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Non-Profit Management: 23 inexcusable sins!
Frank Julie
March 27, 2007

No clear sustainability strategy:
No comprehensive sustainability strategy is in place to ensure the organization is able to reproduce itself and achieve its vision. Remember, the final test is for the organization to continue without you. And to continue without you it requires access to resources. Remember, sustainability does not only mean having enough funding. It is much more than that. It starts with the intangibles like vision, mission, strategies and values. And then it is important to have a plan to recruit new donors, maintaining existing ones and get them to give more, limit core expenses by developing cost containment strategies, maximize the contribution by staff, volunteers and the board and strengthen partnerships with NGO's in your sector. Remember, you cannot sustain your organization by default. You must do it by design!

No succesion planning
No succession planning is in place. We never think of succession until it is too late. No person is fallible and we cannot control what will happen to anyone at any time. This is why a succession plan is vital. And if you don't have the skills inside the organization, then go and look outside. But have a plan in place. You can either force staff members to take up a position or you can prepare them for it.

No risk management strategy in place
No risk management strategy is in place to protect the organization against the potential loss of property, accidents, funding gaps, staff retention, etc. We usually wait for the crisis to first hit us before we think of putting a risk management strategy in place. Well, will you commit resources to an organization where nobody is aware of the risks involved in operating the organization? Surely not? Then why do you expect donors to do it?

The board is regarded as a necessary evil
There is no proper investment in board members. No inductions take place. There is no proper recruitment strategy. Many organizations don't even have a board development budget! The board is seen as rubber stamp. It is what donors require. As soon as board members start to ask difficult questions then they become a liability. Then they are set up against the staff and critical information is kept away from them.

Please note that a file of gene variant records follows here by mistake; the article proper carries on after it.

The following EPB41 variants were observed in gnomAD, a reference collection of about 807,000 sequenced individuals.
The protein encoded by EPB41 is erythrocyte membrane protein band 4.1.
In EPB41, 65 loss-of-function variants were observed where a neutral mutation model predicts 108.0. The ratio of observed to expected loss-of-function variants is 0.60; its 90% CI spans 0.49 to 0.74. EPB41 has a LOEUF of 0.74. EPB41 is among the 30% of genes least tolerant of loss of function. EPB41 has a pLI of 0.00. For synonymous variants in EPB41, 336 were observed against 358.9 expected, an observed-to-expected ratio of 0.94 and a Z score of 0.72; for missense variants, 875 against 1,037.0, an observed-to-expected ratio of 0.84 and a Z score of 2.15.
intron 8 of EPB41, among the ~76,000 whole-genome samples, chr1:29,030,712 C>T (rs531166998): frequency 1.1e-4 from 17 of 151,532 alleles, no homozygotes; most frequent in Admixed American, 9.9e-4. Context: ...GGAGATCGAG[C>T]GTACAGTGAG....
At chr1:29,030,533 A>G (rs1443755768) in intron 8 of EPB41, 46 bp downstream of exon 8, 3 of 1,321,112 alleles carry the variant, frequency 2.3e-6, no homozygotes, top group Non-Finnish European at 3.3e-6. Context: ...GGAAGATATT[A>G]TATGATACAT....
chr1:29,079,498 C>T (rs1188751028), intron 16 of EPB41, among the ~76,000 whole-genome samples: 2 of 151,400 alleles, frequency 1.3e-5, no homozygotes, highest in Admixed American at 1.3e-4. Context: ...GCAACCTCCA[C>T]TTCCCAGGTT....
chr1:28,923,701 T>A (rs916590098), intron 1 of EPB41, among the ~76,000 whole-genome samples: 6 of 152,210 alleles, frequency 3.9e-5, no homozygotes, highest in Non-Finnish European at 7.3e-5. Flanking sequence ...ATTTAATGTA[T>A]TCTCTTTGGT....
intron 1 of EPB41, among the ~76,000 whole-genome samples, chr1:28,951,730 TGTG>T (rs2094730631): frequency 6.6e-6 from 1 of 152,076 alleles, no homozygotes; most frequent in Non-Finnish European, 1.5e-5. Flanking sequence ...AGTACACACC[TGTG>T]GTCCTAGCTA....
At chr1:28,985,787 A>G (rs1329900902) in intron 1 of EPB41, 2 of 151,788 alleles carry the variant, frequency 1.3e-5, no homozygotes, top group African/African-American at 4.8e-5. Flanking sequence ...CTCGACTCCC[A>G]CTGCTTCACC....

Staff is busy being busy
In most organizations everybody is so busy being busy! There is either too little time or no time for proper planning and quality reflection to extract valuable lessons and learnings from the field. Staff members work for 8 hours a day or more on structured work and leave no time for responsive work. Then they must take work home. The result is continuous burn out and stress! Staff members come to work with no work plan, no clear objectives related to the strategic focus of the organization and no clear outcomes to be achieved. The result is duplication of work, confusion, chaos and tension reflected in personality conflicts. Then people get in each other's way! Instead of proper communication the noise levels start to increase!

No clear objectives
Some organizations either have no proper objectives or when they have it is too many. And sometimes the objectives are confused with aims. Remember, an aim is a general statement of intent or an ideal. It is something you wish for. An objective is a specific and measurable activity that you engage in to achieve this ideal. It is the rung on the ladder. The aim always comes first. Unless the objective is clear then your specific course of action will also be unclear. Because the way you act is the way you think! Or to put it differently, the way you attack a problem is the way you conceptualize it. This is why one can find staff members come after 6 months or more to report work left undone! They are paralyzed in their thinking and therefore paralyzed in their actions.

Condone poor staff performance
Most leaders are not able to get rid of poor performing staff. Now this is a very serious challenge within many NGO's. There is a good reason for this. NGO's are value based organizations where we work to help people change lives and so we are very reluctant to let people go when they don't perform. We feel sorry for people. Past attachments also influence these decisions. In fact, we will tolerate poor performing staff and sometimes it will go on and on. But letting the person go is not an always an option. We may even redeploy the person, change the job description which is a code word for trying to ignore the problem. This is dangerous. Condoning the incompetence of one person condemns the whole organization to mediocrity. It becomes a cancer that will eat away at the whole organization. Any person who is incompetent and cannot deliver according to predetermined expectations should be immediately removed for the sake of the organization and the person her/himself.

No proper policies in place or no implementation